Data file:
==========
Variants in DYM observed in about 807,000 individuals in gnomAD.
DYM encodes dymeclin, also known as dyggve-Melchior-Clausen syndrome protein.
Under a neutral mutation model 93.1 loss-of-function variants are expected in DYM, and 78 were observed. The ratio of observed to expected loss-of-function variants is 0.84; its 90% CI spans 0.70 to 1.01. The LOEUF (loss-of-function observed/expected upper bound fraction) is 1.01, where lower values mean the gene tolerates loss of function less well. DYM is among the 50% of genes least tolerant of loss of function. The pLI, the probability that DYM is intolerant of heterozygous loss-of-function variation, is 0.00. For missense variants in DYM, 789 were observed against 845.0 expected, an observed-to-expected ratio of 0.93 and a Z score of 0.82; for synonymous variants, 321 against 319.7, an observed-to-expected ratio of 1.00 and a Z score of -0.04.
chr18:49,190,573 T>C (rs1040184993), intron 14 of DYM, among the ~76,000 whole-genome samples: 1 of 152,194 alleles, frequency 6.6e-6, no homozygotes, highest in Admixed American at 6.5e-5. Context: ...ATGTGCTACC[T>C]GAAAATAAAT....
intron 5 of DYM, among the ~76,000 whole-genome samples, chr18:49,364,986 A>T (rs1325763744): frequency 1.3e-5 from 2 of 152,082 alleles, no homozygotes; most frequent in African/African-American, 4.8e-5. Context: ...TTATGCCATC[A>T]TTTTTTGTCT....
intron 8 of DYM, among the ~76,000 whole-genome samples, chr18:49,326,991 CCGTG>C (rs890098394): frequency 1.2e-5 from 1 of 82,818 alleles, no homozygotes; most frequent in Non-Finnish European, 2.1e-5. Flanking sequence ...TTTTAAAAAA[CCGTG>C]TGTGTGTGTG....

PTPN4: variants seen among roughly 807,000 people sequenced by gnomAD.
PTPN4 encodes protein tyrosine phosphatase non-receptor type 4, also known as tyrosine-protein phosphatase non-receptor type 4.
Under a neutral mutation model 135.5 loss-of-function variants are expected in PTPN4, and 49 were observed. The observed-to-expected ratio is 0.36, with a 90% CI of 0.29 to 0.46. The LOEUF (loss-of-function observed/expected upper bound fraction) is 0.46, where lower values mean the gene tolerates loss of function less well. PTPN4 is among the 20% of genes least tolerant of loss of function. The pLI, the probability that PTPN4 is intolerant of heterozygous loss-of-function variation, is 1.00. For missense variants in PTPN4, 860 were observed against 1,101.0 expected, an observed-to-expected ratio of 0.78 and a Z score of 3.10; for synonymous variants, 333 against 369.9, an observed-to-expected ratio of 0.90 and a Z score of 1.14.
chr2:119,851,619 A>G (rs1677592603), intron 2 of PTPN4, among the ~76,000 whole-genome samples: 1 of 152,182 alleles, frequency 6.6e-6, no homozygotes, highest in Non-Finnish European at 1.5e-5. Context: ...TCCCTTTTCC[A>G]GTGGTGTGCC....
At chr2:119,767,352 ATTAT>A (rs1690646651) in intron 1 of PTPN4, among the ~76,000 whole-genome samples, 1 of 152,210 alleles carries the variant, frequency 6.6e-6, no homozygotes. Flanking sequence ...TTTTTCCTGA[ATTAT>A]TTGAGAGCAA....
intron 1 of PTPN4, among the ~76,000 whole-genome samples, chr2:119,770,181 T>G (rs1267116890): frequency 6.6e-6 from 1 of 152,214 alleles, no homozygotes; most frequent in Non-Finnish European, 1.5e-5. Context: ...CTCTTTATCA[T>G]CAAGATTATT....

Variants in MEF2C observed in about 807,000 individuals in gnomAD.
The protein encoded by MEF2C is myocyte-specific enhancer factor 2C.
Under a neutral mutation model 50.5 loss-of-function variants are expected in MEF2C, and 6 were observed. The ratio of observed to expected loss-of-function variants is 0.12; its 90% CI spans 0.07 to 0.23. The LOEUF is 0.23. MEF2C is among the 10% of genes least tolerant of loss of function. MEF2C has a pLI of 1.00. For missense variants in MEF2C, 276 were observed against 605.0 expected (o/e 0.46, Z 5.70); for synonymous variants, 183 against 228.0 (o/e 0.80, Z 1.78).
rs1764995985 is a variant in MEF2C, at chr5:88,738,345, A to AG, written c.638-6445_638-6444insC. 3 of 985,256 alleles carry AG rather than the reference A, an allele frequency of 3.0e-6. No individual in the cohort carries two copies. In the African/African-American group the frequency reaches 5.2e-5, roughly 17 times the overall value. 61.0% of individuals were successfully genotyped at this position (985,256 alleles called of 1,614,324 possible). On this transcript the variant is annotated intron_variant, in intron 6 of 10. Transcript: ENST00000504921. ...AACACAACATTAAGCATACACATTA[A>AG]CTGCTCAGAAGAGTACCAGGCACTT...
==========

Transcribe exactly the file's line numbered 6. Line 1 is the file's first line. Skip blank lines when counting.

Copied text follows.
intron 8 of DYM, among the ~76,000 whole-genome samples, chr18:49,326,991 CCGTG>C (rs890098394): frequency 1.2e-5 from 1 of 82,818 alleles, no homozygotes; most frequent in Non-Finnish European, 2.1e-5. Flanking sequence ...TTTTAAAAAA[CCGTG>C]TGTGTGTGTG....